Dear visitors and members of the wagnerheim.com discussion forum:
I just posted notice of the passing of a major set designer for the Metropolitan Opera's last production of the "Ring" (Otto Schenk) prior to the more recent Lepage production, who received criticism in some circles for designing realistic sets which, according to critics, didn't challenge or engage the audience, and would like to open debate about how much license is appropriate in directing and producing, and designing sets for, Wagner's operas.
I'll make my opening bid by suggesting that there is infinite scope in directing, producing, and designing the stage sets for, Wagner's operas and music-dramas, while still respecting the essentials without which we can't respond to what Wagner was trying to convey to us. I mean for instance something as simple as a Rainbow bridge. I am saying that when Wagner offers us a visual cue, especially one so important to the narrative, the director must offer us a visual image corresponding sufficiently to that cue to convey what Wagner intended, whether this be abstract or realistic. What, in my view, can never be right, never be justified, is to embed in a production of the "Ring" or Wagner's other works for the theater imagery or iconography which runs counter to the libretto text and stage directions, which runs counter to the narrative thread and forces the audience to wonder what Wagner could have meant (the worst possible consequence), or wonder what the director could have meant (which is bad enough, but not as destructive as the other consequence).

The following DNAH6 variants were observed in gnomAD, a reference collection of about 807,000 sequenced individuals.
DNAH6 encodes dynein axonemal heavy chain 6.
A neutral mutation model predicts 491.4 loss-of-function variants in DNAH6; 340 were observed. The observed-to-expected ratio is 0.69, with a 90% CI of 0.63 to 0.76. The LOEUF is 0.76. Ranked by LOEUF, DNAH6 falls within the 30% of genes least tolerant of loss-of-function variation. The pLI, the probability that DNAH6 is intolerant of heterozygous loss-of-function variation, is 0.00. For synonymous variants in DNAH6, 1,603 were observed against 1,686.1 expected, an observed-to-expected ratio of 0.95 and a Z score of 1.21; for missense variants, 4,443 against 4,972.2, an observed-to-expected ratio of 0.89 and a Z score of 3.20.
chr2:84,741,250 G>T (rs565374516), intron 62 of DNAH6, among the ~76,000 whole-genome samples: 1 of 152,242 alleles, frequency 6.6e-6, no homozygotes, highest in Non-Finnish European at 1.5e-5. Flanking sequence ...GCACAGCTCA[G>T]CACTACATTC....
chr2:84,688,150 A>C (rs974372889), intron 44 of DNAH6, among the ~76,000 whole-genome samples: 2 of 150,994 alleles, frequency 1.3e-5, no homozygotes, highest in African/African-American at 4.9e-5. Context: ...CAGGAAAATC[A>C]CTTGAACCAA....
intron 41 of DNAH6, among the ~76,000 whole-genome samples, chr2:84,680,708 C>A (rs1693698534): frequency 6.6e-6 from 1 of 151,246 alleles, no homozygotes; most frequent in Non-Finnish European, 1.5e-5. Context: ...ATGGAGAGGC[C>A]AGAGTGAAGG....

It is often argued by those who encourage total license in interpretation that such experiments bring out aspects of the "Ring" or Wagner's other stage works which otherwise might have gone unnoticed, or at least that they provide the director with a conceptually coherent concept of the artwork in question. I would answer that if they truly believe that the "Ring" and Wagner's other stage works are susceptible to numerous interpretations, that they allow the audience to do the interpreting for themselves, by not knocking them over the head to indicate things which Wagner was content to present with subtlety and ambiguity. As unusual and counter-intuitive as my own interpretation of the "Ring" is, according to some, nonetheless I would never, if asked, suggest that it warrants a stage production which runs counter in any way to what the libretto and music and Wagner's fundamental stage directions already suggest.
Your thoughts ..... ??????
General Discussion about Wagner and The Ring of the Nibelung
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